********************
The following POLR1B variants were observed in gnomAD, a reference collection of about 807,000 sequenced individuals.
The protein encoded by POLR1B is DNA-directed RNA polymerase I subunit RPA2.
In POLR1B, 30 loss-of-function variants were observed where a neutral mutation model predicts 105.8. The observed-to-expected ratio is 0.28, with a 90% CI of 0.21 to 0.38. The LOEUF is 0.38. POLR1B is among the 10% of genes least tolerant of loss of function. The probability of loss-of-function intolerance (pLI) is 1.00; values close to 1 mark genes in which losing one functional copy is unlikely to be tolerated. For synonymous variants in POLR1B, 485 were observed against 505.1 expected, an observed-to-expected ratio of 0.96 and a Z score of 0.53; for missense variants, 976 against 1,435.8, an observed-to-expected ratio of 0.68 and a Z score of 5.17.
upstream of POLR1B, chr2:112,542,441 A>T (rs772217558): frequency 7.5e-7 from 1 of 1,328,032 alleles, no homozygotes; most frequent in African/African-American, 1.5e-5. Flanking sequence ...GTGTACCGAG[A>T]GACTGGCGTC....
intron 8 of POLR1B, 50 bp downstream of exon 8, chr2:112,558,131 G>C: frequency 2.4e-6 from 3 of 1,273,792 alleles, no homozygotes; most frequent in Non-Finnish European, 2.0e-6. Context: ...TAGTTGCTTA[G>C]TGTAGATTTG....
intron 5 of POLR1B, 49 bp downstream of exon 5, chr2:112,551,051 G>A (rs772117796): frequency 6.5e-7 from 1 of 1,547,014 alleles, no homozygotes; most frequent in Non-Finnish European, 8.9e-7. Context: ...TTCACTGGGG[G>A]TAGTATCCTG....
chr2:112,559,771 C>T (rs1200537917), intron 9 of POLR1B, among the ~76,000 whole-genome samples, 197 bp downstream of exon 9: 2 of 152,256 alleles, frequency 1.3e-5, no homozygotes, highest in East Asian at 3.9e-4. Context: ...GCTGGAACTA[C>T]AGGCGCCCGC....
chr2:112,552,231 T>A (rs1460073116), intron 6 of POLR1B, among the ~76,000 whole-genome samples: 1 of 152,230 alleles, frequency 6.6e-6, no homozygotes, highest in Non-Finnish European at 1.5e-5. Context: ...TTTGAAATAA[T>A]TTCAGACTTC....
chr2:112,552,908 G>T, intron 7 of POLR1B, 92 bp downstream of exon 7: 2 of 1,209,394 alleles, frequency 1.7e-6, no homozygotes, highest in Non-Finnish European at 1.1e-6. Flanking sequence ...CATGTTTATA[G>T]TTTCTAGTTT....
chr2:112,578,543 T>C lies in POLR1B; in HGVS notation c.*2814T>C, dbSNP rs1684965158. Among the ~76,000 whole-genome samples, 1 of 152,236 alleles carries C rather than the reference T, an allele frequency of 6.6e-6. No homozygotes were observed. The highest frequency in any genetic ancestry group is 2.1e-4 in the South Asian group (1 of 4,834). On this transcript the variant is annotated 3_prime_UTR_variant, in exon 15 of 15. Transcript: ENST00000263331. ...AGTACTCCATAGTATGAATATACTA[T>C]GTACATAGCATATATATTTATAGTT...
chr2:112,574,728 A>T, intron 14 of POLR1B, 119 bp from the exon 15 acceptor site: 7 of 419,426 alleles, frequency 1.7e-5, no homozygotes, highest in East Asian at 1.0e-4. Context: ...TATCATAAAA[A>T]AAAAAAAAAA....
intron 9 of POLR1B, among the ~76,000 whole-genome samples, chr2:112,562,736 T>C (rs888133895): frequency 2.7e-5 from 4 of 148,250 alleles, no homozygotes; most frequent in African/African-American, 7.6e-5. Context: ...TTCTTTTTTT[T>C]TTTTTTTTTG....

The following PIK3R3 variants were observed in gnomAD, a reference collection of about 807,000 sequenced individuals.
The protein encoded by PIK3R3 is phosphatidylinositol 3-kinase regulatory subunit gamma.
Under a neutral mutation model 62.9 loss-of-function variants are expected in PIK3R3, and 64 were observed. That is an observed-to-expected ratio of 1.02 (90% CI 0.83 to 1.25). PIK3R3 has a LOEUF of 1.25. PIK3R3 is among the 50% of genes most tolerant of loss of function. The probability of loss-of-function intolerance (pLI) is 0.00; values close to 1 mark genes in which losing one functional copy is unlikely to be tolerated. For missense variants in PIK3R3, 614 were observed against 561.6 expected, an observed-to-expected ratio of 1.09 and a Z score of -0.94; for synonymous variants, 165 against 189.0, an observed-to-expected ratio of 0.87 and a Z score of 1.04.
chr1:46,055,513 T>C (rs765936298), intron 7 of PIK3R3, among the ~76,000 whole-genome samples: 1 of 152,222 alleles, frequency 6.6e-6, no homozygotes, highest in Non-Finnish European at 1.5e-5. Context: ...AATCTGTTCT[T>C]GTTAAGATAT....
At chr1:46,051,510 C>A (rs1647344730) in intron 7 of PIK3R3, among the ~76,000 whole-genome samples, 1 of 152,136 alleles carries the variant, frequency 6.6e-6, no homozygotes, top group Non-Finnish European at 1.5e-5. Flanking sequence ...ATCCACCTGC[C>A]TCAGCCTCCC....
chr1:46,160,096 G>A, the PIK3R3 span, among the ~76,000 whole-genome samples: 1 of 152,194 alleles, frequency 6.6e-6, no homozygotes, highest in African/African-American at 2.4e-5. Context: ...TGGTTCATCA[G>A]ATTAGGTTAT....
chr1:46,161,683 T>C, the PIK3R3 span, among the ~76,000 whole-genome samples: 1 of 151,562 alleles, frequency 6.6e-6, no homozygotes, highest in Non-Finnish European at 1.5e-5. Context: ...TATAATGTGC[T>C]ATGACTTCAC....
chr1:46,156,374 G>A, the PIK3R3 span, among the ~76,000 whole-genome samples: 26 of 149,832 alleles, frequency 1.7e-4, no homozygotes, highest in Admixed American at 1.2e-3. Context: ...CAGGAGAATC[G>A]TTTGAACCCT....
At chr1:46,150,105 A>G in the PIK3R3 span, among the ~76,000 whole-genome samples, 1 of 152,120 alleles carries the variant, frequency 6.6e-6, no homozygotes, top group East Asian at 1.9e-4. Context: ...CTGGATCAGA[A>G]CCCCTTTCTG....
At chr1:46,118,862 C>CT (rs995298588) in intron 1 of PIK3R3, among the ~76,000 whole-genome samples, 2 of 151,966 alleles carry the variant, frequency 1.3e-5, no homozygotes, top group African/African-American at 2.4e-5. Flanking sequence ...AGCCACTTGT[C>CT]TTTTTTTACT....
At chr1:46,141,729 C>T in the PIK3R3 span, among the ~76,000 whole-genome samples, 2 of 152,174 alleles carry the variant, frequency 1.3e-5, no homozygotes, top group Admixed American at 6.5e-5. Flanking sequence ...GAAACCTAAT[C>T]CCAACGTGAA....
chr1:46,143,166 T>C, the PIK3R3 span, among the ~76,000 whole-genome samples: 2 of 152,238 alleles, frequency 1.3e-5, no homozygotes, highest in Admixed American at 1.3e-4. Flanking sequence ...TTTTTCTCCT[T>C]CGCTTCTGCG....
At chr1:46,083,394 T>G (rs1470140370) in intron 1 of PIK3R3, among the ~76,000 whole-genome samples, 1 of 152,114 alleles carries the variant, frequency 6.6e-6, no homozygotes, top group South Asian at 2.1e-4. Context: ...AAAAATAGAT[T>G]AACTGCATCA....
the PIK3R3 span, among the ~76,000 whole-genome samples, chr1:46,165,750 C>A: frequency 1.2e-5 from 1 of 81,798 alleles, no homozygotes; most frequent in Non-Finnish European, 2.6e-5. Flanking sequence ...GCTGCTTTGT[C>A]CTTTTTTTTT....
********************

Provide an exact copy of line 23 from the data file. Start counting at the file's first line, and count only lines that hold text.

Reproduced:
At chr1:46,141,729 C>T in the PIK3R3 span, among the ~76,000 whole-genome samples, 2 of 152,174 alleles carry the variant, frequency 1.3e-5, no homozygotes, top group Admixed American at 6.5e-5. Flanking sequence ...GAAACCTAAT[C>T]CCAACGTGAA....